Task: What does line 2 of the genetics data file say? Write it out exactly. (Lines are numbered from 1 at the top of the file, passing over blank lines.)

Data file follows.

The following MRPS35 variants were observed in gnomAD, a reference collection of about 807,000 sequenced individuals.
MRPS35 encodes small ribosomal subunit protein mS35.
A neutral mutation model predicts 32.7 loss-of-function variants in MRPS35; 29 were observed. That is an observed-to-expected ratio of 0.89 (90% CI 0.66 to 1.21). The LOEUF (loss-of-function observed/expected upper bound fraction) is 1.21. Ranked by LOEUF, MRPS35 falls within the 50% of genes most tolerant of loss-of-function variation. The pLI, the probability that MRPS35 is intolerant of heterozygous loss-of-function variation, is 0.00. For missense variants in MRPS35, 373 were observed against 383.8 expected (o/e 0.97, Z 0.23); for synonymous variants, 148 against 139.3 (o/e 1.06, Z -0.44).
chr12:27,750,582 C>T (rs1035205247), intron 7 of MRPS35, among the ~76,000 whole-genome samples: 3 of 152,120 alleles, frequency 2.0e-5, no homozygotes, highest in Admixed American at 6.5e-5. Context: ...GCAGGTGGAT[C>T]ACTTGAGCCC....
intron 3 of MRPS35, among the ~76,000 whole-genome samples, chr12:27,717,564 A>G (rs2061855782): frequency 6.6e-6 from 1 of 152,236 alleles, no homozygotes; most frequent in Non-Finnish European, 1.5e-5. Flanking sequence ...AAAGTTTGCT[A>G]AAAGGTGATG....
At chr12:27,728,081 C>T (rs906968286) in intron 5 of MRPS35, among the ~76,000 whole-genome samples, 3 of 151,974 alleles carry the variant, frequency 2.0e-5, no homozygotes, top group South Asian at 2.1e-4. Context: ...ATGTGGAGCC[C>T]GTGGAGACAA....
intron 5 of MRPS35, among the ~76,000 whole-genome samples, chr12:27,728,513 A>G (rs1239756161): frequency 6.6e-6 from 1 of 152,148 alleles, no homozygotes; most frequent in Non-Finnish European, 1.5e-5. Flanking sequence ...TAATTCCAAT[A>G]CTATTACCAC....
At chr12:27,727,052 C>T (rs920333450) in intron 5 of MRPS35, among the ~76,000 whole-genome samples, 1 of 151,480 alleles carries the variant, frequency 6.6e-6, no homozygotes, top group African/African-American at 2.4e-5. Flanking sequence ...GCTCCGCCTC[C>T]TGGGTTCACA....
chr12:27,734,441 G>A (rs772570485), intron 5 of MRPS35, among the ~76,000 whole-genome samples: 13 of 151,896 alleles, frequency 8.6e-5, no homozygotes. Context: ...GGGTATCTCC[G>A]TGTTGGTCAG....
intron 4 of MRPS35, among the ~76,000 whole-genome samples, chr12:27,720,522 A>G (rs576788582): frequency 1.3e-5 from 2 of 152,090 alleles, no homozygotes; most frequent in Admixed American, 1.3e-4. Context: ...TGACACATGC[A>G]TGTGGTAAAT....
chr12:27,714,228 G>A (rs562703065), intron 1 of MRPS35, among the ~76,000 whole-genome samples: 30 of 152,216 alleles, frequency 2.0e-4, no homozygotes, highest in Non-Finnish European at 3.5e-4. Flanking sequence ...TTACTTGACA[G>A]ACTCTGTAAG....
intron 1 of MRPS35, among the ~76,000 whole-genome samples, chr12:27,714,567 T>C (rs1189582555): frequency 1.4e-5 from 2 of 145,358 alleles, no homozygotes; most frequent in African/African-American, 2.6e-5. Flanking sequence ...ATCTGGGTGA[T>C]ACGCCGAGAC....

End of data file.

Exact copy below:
MRPS35 encodes small ribosomal subunit protein mS35.